The in box. Draw a line and let the courts decide.


I read your blog about negotiating with the GA. I agree with you wholeheartedly.  We shouldn’t.  
Here is an email I sent Klickna and the IEA team back on 4-22.

Cinda’s response:
Well, our polling data indicated our members want us to engage, advocate, and raise issues. 


Subject: Labor Coalition Should Negotiate Nothing Date: Sun, 22 Apr 2012 20:37:20 -0500

IEA Team:
Many of us believe that it would be crazy for the IEA and Labor Coalition to negotiate ANYTHING away.  The IEA and Labor Coalition need to draw a firm line in the sand and say “NO.”  Here is why:
It is clear that the GA wants to test the constitutionality of “impairing and diminishing” the pension benefit rights of IL public employees.  As you have mentioned on the IEA site or in a report, there is already a test case (HB4513) speeding through the GA regarding the Water Reclamation District.  
Why negotiate anything away before the constitutionality of any of these bills are determined?  They want a court case.  They will get a court case whether or not we try our hardest to avoid it.  If we do negotiate, and HB4513 and Quinn’s forthcoming bill are deemed unconstitutional, we will have negotiated away benefits unnecessarily–benefits that we have paid for and earned.
We do have one of the strongest pension clauses of any state.  We will need it.  We believe we need to gear up for litigation now.  The GA is going to test it regardless.  
Myself and others were thinking about this concept of negotiating unnecessarily and then I read one of Glen Brown’s recent blogs and he says almost the exact same thing:
What remains to be asked are four questions for the public employees’ union leaders: 1) Why bargain away any of the public employees’ “constitutionally-guaranteed” rights and benefits, even if the so-called “high-ranking members of the legislative leadership” are present? “A public employee obtains ‘vested rights’ in the Pension Code provisions relevant to pension benefits when the employee becomes a member of a pension system by making his or her initial employee contribution to the system. In addition, the Clause protects pension benefit rights as an enforceable contractual relationship” (Madiar 36). 2) Why modify the “constitutionally-guaranteed” Clause “through contract principles” when Speaker of the House Michael Madigan and others have made it quite clear that they want “the courts to decide” whether the Clause will withstand another assault once again? 3) If union leaders believe they are compelled to bargain in this “New Reality” with Illinois policymakers, how about challenging the “non-constitutional,” self-proclaimed entitlements and exorbitant benefits of the wealthy elite and their corporations instead? At least this ethical investigation for justice will not end up in court and waste the taxpayers’ money. 4) Better yet, instead of an amendment to create a need for a super majority to increase any benefit for an individual working for the state (HJRCA 49), why not create an amendment to move towards a graduated tax rate in Illinois that will address the lack of revenue needed for paying debts owed?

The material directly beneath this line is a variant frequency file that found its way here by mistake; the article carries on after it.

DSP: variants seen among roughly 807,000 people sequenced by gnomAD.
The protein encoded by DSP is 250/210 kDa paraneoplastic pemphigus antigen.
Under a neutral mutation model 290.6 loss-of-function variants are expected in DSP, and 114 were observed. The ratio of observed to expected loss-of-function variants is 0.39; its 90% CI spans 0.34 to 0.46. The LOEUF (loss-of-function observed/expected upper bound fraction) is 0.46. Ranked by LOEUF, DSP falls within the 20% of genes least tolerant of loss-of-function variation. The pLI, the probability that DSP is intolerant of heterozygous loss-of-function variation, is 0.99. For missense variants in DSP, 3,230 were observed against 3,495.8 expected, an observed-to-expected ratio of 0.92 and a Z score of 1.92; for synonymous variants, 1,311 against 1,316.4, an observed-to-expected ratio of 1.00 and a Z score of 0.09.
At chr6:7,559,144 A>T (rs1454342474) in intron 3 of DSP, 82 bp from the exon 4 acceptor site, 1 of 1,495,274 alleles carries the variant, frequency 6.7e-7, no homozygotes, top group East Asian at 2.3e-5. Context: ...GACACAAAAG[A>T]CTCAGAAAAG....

Quinn really stabbed us right in the back. To think of all of hours we spent at the IEA phone banks in Naperville calling teachers to tell them that Quinn supported us and our pensions. We are extremely pissed at Quinn.  Any teacher who is not is a fool.  Did he forget that he beat Brady by less than 1% because of our hard work?  Time we spent away from our families and children campaigning for him because he said that he would protect us?  
Just check out my attachment I saved from IEA–the Quinn/Brady comparison.  Quinn claims to “oppose any reduction in current member retirement benefits.”  He also “supported a progressive tax system” not even two years ago.  Shame on him.  Now he wants to toss us on our heads basically into Tier II–and pay more for it.  
Quinn didn’t mention one component in his plan about revenue solutions–and there are many.  Shame on him.  
Perhaps Quinn put out an extreme plan as a scare tactic and really intends to meet somewhere in the middle–of course a classic negotiation strategy.  Teachers could be faced with a really bad pension plan instead of a super bad pension plan.  
Quinn’s plan is clearly unconstitutional–even he has to know that to be true.  In his plan announced on Friday, teachers would be given the choice between two plans that both severely “impair and diminish” our pension benefits.  AZ and MI both recently sided with the teachers in court–and both have strong pension clauses like ours.
It is interesting that the IEA member survey conducted in February, 65% said that we should negotiate.  I haven’t met any teacher, retired or active, who wants to negotiate.
As always, I value your thoughts and comments–even if very brief.
–Todd Mertz

One Reply to “The in box. Draw a line and let the courts decide.”

  1. This is absolutely correct. Teachers are so weary of the fight that seems to have been constant for years! But precedent has been established that supports other states’ constitutional language about pensions! I never understood why anyone would agree to give anything of ours away when we’ve entrusted them to protect us?

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